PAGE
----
If a service member or cadet wishes to restrict reporting, please use one of the following reporting options: SARC victim advocate, chaplain, health care provider, AOC, AMT (not in the chain of command), or OsI staff. Communication between a victim and a person other than sexual assault prevention and response victim advocate (SARC), SAPS, VA chaplain, victim legal counsel (VLC), or health care workers is not confidential and does not enjoy protection from racial harassment. SARCs and victims’ attorneys are responsible for laws, directives from the Department of Defense and the Air Force to protect confidentiality and limit unfettered reporting.
California requires you to report to the state when reporting sexual assault to a facility or military treatment facility (MTF), so make sure you speak to the SAPS and the VA to help maintain limited reporting options. Provide information on available options and resources to help victims make an informed decision. Contact a SAPS Victim Advocate on duty 24 hours a day, where you can talk to a Victim Advocate to find out about reporting opportunities and available resources.
Military personnel 18 years of age or older are entitled to treatment by the military health system. Assistance in navigating the military and civil, criminal justice system (s) if the victim wishes to involve law enforcement. It is essential to know that veterans who report incidents receive sexual trauma counseling.
The Safe Helpline for Sexual Assault Support in the DoD Community operates through the Rape, Abuse and Incest National Network (RAINN), and the Safe Helpline website provides a link to an online helpline live, confidential, 24/7 online support and the Safe Helpline info text with general information on sexual assault.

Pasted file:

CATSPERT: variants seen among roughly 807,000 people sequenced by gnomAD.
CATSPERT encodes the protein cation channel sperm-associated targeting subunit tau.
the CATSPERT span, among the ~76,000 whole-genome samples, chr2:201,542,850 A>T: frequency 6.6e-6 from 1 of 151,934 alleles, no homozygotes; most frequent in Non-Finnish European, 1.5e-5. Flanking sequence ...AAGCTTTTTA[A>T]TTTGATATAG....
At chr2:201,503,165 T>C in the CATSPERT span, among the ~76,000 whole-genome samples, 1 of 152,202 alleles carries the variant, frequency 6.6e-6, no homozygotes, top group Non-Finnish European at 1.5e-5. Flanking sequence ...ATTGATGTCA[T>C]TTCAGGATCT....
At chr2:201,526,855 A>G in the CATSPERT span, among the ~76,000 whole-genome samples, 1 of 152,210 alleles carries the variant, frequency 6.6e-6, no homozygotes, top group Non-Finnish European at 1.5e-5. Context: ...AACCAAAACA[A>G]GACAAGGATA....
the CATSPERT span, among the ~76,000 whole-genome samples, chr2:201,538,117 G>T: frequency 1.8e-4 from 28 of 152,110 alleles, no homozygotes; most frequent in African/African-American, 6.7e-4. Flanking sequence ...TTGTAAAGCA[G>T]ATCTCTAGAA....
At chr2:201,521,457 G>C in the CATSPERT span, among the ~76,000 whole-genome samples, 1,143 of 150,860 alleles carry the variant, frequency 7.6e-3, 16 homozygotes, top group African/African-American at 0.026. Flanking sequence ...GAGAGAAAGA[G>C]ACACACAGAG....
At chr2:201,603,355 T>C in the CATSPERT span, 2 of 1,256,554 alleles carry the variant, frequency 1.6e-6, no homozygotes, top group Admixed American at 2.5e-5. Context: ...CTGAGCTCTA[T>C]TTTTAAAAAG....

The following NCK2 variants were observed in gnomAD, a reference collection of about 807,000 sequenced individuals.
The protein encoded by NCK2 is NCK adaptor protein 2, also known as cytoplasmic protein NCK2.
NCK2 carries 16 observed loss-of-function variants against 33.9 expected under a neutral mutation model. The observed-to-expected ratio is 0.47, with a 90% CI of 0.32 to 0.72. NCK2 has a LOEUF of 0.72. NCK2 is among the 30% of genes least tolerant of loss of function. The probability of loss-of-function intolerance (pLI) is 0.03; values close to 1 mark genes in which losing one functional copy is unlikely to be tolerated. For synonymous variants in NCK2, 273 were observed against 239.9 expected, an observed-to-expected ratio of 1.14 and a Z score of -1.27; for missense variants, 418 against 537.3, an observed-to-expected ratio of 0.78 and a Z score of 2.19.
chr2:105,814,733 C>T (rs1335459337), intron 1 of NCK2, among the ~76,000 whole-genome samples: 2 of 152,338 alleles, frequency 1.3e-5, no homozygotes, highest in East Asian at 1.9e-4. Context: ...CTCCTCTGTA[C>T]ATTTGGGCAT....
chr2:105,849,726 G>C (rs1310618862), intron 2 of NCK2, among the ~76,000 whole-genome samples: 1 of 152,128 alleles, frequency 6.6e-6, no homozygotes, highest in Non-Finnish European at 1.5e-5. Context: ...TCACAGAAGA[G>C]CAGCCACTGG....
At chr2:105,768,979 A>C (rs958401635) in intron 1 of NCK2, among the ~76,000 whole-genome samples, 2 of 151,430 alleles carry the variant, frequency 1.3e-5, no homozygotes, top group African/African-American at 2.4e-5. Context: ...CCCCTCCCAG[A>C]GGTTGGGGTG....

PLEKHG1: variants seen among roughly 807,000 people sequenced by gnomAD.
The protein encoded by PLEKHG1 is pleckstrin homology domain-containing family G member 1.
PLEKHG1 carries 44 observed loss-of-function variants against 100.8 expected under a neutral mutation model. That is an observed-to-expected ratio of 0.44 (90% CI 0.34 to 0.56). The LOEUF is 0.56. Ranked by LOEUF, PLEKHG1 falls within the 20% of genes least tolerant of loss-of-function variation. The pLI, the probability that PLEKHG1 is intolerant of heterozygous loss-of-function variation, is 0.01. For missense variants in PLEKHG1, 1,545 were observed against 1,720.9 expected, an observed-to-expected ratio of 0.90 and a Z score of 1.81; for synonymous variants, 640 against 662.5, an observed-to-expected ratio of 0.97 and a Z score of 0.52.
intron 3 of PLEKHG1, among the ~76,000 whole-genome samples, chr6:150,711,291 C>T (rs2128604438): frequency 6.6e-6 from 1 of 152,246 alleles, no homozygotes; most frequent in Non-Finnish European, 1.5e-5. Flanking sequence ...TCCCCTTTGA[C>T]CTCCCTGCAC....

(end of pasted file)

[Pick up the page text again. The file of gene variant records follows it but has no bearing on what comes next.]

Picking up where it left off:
Sexual Assault Prevention Office
Under the direction of the SARPO (sexual assault prevention and response office) of the Department of Defense (DoD), The Air Force Sexual Assault Prevention and Response Program (SAPR) at the United States Air Force Academy (SAPR) provides victim counseling, prevention education, training and outreach to USAF Headquarters, cadets “wings, faculties, sports departments, 10 Air Force bases, preparatory schools and other mission partners. SAPR is led by a program manager consisting of two Sexual Assault Response Coordinators (SARCs) and a Deputy SARC at the DoD, a civilian victim advocate, and a volunteer victim advocate. The SAPR program is sharp in that it reinforces military commitment to eradicating sexual assault incidents through comprehensive strategies focused on education, prevention, training and education, victim care and response, reporting, and accountability.
Due to confidentiality and military regulations, the three certified support victims of sexual assault may provide a restricted or full report on the incident. In addition, military personnel, family members, and other civilian victims can report without restriction. The Sexual Assault Prevention and Response Office prefers full reporting but acknowledges that some victims want medical assistance or the involvement of commanders or law enforcement agencies.
Communication between victims and another person (e.g., Roommate, friend, family member) does not prevent them from deciding to file a restricted complaint. Victims can report the attack to a friend who is not in their direct chain of command and have the option to restrict reporting to that person to keep the information confidential.